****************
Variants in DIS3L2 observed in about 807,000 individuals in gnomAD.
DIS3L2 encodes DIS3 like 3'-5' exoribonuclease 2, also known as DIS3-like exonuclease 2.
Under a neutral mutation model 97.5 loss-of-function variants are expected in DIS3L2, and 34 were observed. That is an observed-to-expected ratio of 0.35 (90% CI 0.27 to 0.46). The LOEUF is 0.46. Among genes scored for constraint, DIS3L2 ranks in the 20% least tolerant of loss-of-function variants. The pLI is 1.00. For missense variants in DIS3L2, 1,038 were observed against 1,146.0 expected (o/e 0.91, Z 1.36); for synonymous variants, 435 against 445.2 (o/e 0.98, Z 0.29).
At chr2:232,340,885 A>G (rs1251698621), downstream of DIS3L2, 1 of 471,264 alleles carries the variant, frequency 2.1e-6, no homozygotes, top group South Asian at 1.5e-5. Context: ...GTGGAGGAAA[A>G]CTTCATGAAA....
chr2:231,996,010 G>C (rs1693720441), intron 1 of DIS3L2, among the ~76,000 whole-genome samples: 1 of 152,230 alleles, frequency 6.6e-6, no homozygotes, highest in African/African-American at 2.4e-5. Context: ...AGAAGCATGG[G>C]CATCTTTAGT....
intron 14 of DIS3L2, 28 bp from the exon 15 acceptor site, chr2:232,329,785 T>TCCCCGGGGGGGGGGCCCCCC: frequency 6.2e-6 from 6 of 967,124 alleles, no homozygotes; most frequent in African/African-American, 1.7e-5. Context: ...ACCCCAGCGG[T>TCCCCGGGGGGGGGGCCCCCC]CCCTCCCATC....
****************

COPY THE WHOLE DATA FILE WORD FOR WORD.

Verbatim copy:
Variants in DIS3L2 observed in about 807,000 individuals in gnomAD.
DIS3L2 encodes DIS3 like 3'-5' exoribonuclease 2, also known as DIS3-like exonuclease 2.
Under a neutral mutation model 97.5 loss-of-function variants are expected in DIS3L2, and 34 were observed. That is an observed-to-expected ratio of 0.35 (90% CI 0.27 to 0.46). The LOEUF is 0.46. Among genes scored for constraint, DIS3L2 ranks in the 20% least tolerant of loss-of-function variants. The pLI is 1.00. For missense variants in DIS3L2, 1,038 were observed against 1,146.0 expected (o/e 0.91, Z 1.36); for synonymous variants, 435 against 445.2 (o/e 0.98, Z 0.29).
At chr2:232,340,885 A>G (rs1251698621), downstream of DIS3L2, 1 of 471,264 alleles carries the variant, frequency 2.1e-6, no homozygotes, top group South Asian at 1.5e-5. Context: ...GTGGAGGAAA[A>G]CTTCATGAAA....
chr2:231,996,010 G>C (rs1693720441), intron 1 of DIS3L2, among the ~76,000 whole-genome samples: 1 of 152,230 alleles, frequency 6.6e-6, no homozygotes, highest in African/African-American at 2.4e-5. Context: ...AGAAGCATGG[G>C]CATCTTTAGT....
intron 14 of DIS3L2, 28 bp from the exon 15 acceptor site, chr2:232,329,785 T>TCCCCGGGGGGGGGGCCCCCC: frequency 6.2e-6 from 6 of 967,124 alleles, no homozygotes; most frequent in African/African-American, 1.7e-5. Context: ...ACCCCAGCGG[T>TCCCCGGGGGGGGGGCCCCCC]CCCTCCCATC....